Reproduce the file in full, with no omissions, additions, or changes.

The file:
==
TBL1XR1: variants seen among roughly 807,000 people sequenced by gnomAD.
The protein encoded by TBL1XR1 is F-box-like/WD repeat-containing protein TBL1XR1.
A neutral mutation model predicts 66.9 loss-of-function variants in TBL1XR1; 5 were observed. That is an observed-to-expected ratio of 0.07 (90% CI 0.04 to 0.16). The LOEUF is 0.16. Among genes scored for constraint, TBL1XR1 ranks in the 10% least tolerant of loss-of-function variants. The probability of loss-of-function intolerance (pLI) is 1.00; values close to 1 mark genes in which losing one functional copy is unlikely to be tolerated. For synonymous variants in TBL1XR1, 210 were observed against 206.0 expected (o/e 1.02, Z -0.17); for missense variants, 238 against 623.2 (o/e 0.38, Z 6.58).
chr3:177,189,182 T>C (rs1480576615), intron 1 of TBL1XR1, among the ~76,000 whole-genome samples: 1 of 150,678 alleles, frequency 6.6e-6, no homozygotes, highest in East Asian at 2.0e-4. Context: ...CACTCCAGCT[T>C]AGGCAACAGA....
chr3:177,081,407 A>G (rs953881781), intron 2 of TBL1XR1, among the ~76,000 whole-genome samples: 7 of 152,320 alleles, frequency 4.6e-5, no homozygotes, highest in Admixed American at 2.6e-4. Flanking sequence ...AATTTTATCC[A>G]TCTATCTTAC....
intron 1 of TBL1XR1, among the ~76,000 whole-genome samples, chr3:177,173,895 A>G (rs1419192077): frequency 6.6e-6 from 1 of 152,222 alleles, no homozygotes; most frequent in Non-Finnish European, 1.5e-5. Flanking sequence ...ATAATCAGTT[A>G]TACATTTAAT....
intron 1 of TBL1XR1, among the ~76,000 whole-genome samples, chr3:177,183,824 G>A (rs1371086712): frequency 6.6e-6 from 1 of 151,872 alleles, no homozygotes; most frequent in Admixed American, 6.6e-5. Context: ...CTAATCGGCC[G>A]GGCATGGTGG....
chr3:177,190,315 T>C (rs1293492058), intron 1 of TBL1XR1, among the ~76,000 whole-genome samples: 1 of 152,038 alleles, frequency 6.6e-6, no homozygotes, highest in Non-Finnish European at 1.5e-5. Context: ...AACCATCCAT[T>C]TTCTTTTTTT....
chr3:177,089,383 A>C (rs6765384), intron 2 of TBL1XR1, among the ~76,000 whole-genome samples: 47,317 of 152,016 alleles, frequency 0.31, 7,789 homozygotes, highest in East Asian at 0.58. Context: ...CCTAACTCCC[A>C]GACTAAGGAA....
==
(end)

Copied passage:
TBL1XR1: variants seen among roughly 807,000 people sequenced by gnomAD.
The protein encoded by TBL1XR1 is F-box-like/WD repeat-containing protein TBL1XR1.
A neutral mutation model predicts 66.9 loss-of-function variants in TBL1XR1; 5 were observed. That is an observed-to-expected ratio of 0.07 (90% CI 0.04 to 0.16). The LOEUF is 0.16. Among genes scored for constraint, TBL1XR1 ranks in the 10% least tolerant of loss-of-function variants. The probability of loss-of-function intolerance (pLI) is 1.00; values close to 1 mark genes in which losing one functional copy is unlikely to be tolerated. For synonymous variants in TBL1XR1, 210 were observed against 206.0 expected (o/e 1.02, Z -0.17); for missense variants, 238 against 623.2 (o/e 0.38, Z 6.58).
chr3:177,189,182 T>C (rs1480576615), intron 1 of TBL1XR1, among the ~76,000 whole-genome samples: 1 of 150,678 alleles, frequency 6.6e-6, no homozygotes, highest in East Asian at 2.0e-4. Context: ...CACTCCAGCT[T>C]AGGCAACAGA....
chr3:177,081,407 A>G (rs953881781), intron 2 of TBL1XR1, among the ~76,000 whole-genome samples: 7 of 152,320 alleles, frequency 4.6e-5, no homozygotes, highest in Admixed American at 2.6e-4. Flanking sequence ...AATTTTATCC[A>G]TCTATCTTAC....
intron 1 of TBL1XR1, among the ~76,000 whole-genome samples, chr3:177,173,895 A>G (rs1419192077): frequency 6.6e-6 from 1 of 152,222 alleles, no homozygotes; most frequent in Non-Finnish European, 1.5e-5. Flanking sequence ...ATAATCAGTT[A>G]TACATTTAAT....
intron 1 of TBL1XR1, among the ~76,000 whole-genome samples, chr3:177,183,824 G>A (rs1371086712): frequency 6.6e-6 from 1 of 151,872 alleles, no homozygotes; most frequent in Admixed American, 6.6e-5. Context: ...CTAATCGGCC[G>A]GGCATGGTGG....
chr3:177,190,315 T>C (rs1293492058), intron 1 of TBL1XR1, among the ~76,000 whole-genome samples: 1 of 152,038 alleles, frequency 6.6e-6, no homozygotes, highest in Non-Finnish European at 1.5e-5. Context: ...AACCATCCAT[T>C]TTCTTTTTTT....
chr3:177,089,383 A>C (rs6765384), intron 2 of TBL1XR1, among the ~76,000 whole-genome samples: 47,317 of 152,016 alleles, frequency 0.31, 7,789 homozygotes, highest in East Asian at 0.58. Context: ...CCTAACTCCC[A>C]GACTAAGGAA....